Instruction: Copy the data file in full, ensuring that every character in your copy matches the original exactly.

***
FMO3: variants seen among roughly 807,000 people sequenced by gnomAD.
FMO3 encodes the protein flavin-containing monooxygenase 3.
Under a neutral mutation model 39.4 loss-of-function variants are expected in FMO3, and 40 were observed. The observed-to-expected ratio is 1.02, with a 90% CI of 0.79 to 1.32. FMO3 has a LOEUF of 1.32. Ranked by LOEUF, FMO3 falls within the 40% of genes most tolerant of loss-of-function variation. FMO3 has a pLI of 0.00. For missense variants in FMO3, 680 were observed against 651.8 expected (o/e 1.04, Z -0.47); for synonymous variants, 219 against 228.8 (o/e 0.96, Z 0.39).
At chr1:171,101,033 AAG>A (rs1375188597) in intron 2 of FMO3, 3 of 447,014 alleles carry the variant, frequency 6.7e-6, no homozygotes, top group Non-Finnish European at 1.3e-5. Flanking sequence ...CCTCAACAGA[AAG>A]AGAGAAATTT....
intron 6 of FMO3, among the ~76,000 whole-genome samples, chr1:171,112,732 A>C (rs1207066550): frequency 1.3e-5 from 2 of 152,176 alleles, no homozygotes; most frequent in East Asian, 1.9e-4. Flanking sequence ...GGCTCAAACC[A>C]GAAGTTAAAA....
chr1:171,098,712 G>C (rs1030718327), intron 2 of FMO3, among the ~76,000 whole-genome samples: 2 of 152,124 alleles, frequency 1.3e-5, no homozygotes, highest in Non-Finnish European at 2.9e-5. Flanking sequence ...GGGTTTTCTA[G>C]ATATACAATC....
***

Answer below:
FMO3: variants seen among roughly 807,000 people sequenced by gnomAD.
FMO3 encodes the protein flavin-containing monooxygenase 3.
Under a neutral mutation model 39.4 loss-of-function variants are expected in FMO3, and 40 were observed. The observed-to-expected ratio is 1.02, with a 90% CI of 0.79 to 1.32. FMO3 has a LOEUF of 1.32. Ranked by LOEUF, FMO3 falls within the 40% of genes most tolerant of loss-of-function variation. FMO3 has a pLI of 0.00. For missense variants in FMO3, 680 were observed against 651.8 expected (o/e 1.04, Z -0.47); for synonymous variants, 219 against 228.8 (o/e 0.96, Z 0.39).
At chr1:171,101,033 AAG>A (rs1375188597) in intron 2 of FMO3, 3 of 447,014 alleles carry the variant, frequency 6.7e-6, no homozygotes, top group Non-Finnish European at 1.3e-5. Flanking sequence ...CCTCAACAGA[AAG>A]AGAGAAATTT....
intron 6 of FMO3, among the ~76,000 whole-genome samples, chr1:171,112,732 A>C (rs1207066550): frequency 1.3e-5 from 2 of 152,176 alleles, no homozygotes; most frequent in East Asian, 1.9e-4. Flanking sequence ...GGCTCAAACC[A>C]GAAGTTAAAA....
chr1:171,098,712 G>C (rs1030718327), intron 2 of FMO3, among the ~76,000 whole-genome samples: 2 of 152,124 alleles, frequency 1.3e-5, no homozygotes, highest in Non-Finnish European at 2.9e-5. Flanking sequence ...GGGTTTTCTA[G>C]ATATACAATC....